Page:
Charges pending after raid by dog warden


Criminal charges are being reviewed after Delaware County Dog Warden Mitchell Garrett removed 40 dogs from a Kingston Township property Sunday.

Garrett conducted a raid on the property at 7474 Kilbourne Road in Kingston Township that resulted in the removal of 40 dogs believed to be mostly pit bulls or pit bull mixes. The raid took about three hours, Garrett said, and was conducted with assistance from the Delaware County Humane Society, the Marion County Dog Warden’s Office, the Morrow County humane agent, and nonprofit group Rico Pet Recovery, who staffed the Delaware County Dog Shelter during the raid.

Garrett spoke at a press conference on Monday and said his office has been aware of the dogs’ owner, Robert Phillips Jr., since he moved to the county in 2020. Garrett said his office received several complaints shortly after Phillips moved in. An investigation found only six dogs living outside, and they were being cared for “within the standards of the law,” so there was no action that could be taken, Garrett said.

Garrett said reports continued to come in and visits continued to take place and after the ninth visit, Phillips and his attorney told him that any more conversations would require a court order.

“In order to get a court order we have to have probable cause, witnesses, evidence,” Garrett said. “Until recently, everybody that was calling … wanted to remain anonymous.”

Garrett said no witness statements meant no evidence he could take into court.

A break in the case came on Friday when Garrett got a call from a “concerned citizen” who was willing to sign a witness statement. Garrett said he began working with prosecutors and lining things up for the raid.

“The video that went viral on Saturday (was) in between when I was getting my stuff together and when we were able to act,” Garrett said of a viral video on TikTok showing the property.

Garrett said Phillips was not at the property at the time of the raid, so no citation was issued on Sunday. During Monday’s press conference, however, Garrett said he would be meeting with prosecutors to discuss which charges will be filed in the case. Garrett said there may be neglect charges as well as charges related to dog licensing and kennel licensing.

Garrett said there’s “a lot of misinformation flying around out there” about the case, and there was no evidence of dog fighting at the property. Garrett said he was not sure what the dogs were being raised for but said there was no dog fighting paraphernalia at the property.

Due to the recent rain, there was water and mud “everywhere” on the property, Garrett said.

As for the dogs, he added some of them were underweight and gave the example that some dogs were 30-35 pounds when they should be about 40 pounds.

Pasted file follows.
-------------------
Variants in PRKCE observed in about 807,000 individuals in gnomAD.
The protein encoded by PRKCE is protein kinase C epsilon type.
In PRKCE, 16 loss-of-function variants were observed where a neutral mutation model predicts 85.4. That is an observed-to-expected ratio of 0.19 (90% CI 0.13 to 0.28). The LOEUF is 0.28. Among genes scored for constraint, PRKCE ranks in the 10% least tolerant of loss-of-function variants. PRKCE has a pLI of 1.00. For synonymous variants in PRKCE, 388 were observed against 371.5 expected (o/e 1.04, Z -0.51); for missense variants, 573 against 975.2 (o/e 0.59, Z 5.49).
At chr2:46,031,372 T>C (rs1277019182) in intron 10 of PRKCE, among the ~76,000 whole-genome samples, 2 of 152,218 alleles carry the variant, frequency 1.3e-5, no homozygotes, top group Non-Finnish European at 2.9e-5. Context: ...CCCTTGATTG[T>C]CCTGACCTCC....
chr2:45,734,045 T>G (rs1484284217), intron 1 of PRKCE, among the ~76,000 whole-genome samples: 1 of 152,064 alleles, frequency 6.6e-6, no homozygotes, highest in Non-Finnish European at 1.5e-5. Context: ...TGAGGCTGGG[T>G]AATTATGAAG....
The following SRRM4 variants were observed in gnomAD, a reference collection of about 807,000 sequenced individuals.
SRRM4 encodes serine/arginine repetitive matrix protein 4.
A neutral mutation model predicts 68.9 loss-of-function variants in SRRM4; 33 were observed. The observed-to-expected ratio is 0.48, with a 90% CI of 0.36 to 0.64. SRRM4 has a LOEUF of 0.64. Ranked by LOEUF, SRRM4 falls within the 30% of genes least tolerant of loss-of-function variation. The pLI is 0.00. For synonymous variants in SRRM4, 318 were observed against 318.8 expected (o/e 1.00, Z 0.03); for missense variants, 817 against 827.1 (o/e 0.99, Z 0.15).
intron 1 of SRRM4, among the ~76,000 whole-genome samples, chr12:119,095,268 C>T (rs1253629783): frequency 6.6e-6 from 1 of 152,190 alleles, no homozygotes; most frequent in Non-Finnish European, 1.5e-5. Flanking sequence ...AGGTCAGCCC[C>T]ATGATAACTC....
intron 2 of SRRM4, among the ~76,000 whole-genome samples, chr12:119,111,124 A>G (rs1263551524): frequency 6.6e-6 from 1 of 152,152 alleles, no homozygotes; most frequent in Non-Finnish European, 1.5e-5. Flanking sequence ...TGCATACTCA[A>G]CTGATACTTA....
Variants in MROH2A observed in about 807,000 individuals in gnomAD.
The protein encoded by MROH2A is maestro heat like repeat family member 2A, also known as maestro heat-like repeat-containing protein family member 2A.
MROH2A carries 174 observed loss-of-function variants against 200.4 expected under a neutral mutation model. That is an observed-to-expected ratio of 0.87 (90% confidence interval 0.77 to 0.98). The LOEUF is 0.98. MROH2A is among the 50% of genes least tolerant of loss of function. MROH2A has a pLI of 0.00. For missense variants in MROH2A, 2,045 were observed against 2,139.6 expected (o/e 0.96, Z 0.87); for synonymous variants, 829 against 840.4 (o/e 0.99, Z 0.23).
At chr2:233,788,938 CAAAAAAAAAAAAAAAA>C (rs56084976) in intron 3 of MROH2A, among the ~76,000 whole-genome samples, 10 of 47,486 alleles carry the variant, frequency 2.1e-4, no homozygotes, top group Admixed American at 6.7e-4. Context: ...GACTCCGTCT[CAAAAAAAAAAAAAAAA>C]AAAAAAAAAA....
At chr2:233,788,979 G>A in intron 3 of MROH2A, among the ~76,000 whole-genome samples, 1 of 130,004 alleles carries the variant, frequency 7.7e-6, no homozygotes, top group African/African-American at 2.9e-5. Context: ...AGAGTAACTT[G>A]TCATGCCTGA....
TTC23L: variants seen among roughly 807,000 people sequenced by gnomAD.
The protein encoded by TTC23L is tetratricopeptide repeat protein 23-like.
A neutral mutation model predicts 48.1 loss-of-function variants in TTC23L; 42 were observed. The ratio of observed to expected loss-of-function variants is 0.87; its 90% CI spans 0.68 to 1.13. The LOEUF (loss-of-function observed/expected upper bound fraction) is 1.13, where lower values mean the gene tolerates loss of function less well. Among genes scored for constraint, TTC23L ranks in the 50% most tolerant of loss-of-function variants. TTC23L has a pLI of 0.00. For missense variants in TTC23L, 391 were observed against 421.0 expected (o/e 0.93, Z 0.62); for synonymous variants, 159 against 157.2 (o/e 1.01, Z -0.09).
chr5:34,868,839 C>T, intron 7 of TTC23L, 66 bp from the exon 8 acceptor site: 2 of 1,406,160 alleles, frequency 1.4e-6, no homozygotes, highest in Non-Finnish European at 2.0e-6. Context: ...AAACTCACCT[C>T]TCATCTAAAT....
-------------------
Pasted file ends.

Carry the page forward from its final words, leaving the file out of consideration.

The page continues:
Garrett said the dogs were being cared for at the county shelter, and the Delaware County Humane Society said the dogs were receiving veterinary services as well as feeding regiments Monday.

“(We’re doing) all the things we can do to improve these dogs,” Garrett said.

Looking ahead to the future of the dogs, Garrett said they are in a holding stage while court proceedings continue.

“I can’t release them until they are legally mine,” Garrett said. “After that period, we’re going to start looking at rescues and organizations that deal with this type of dog in these types of living conditions. What rescues (that have capacity to) pull dogs will have their go. The rest will be made available for adoption.”

Garrett said parties interested in helping should consider donations to the Humane Society of Delaware County or Rico Pet Recovery.

Jana Cassidy, the executive director of the Humane Society of Delaware County, released a statement via email Monday and said the humane society was currently caring for 13 of the dogs removed from the property. She said one of the “most challenging issues” the organization faces is the “the ability of any humane agent to take action that adheres to Ohio laws regarding animal welfare.”

“While we cannot provide additional specifics on this situation while legal action is pending, we can reassure everyone that we do everything we can to keep all animals safe and healthy, and we take legal action whenever we have the standing to do so,” Cassidy said. “Just last year, we investigated 110 potential cases and rescued 28 animals, responding to a 17% increase in the number of complaints of abuse and neglect – all with three part-time humane agents.”

Charges had not been filed in the case by press time Monday.

Glenn Battishill can be reached at 740-413-0903.

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